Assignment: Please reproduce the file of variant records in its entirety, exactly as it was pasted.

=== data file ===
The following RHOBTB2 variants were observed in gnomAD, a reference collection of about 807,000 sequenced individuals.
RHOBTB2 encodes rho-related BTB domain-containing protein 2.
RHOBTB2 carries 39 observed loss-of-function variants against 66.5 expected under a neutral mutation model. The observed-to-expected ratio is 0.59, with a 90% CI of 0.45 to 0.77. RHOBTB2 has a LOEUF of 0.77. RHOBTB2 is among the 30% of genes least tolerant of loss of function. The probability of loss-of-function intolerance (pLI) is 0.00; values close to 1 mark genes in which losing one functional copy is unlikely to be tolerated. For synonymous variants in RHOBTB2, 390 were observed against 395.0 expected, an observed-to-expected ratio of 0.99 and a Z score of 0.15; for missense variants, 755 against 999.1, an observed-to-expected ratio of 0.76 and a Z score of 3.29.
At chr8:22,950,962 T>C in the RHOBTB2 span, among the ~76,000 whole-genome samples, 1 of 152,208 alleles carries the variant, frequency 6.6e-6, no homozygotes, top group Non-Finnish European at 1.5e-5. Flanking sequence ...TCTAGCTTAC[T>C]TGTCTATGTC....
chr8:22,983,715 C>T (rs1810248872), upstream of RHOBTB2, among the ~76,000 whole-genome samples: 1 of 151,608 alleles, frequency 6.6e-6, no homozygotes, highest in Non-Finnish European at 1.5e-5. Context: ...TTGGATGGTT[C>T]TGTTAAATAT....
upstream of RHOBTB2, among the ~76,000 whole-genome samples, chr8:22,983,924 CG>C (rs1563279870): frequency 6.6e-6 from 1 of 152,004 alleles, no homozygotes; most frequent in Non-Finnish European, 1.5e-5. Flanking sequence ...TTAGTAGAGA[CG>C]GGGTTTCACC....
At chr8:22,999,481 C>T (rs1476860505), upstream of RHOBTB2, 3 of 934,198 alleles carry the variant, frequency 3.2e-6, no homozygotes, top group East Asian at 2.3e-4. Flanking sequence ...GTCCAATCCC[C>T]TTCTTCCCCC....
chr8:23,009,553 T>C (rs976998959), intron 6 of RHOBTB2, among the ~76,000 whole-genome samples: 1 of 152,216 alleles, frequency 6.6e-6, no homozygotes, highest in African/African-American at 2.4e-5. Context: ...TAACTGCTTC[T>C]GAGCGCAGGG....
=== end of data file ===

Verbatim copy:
The following RHOBTB2 variants were observed in gnomAD, a reference collection of about 807,000 sequenced individuals.
RHOBTB2 encodes rho-related BTB domain-containing protein 2.
RHOBTB2 carries 39 observed loss-of-function variants against 66.5 expected under a neutral mutation model. The observed-to-expected ratio is 0.59, with a 90% CI of 0.45 to 0.77. RHOBTB2 has a LOEUF of 0.77. RHOBTB2 is among the 30% of genes least tolerant of loss of function. The probability of loss-of-function intolerance (pLI) is 0.00; values close to 1 mark genes in which losing one functional copy is unlikely to be tolerated. For synonymous variants in RHOBTB2, 390 were observed against 395.0 expected, an observed-to-expected ratio of 0.99 and a Z score of 0.15; for missense variants, 755 against 999.1, an observed-to-expected ratio of 0.76 and a Z score of 3.29.
At chr8:22,950,962 T>C in the RHOBTB2 span, among the ~76,000 whole-genome samples, 1 of 152,208 alleles carries the variant, frequency 6.6e-6, no homozygotes, top group Non-Finnish European at 1.5e-5. Flanking sequence ...TCTAGCTTAC[T>C]TGTCTATGTC....
chr8:22,983,715 C>T (rs1810248872), upstream of RHOBTB2, among the ~76,000 whole-genome samples: 1 of 151,608 alleles, frequency 6.6e-6, no homozygotes, highest in Non-Finnish European at 1.5e-5. Context: ...TTGGATGGTT[C>T]TGTTAAATAT....
upstream of RHOBTB2, among the ~76,000 whole-genome samples, chr8:22,983,924 CG>C (rs1563279870): frequency 6.6e-6 from 1 of 152,004 alleles, no homozygotes; most frequent in Non-Finnish European, 1.5e-5. Flanking sequence ...TTAGTAGAGA[CG>C]GGGTTTCACC....
At chr8:22,999,481 C>T (rs1476860505), upstream of RHOBTB2, 3 of 934,198 alleles carry the variant, frequency 3.2e-6, no homozygotes, top group East Asian at 2.3e-4. Flanking sequence ...GTCCAATCCC[C>T]TTCTTCCCCC....
chr8:23,009,553 T>C (rs976998959), intron 6 of RHOBTB2, among the ~76,000 whole-genome samples: 1 of 152,216 alleles, frequency 6.6e-6, no homozygotes, highest in African/African-American at 2.4e-5. Context: ...TAACTGCTTC[T>C]GAGCGCAGGG....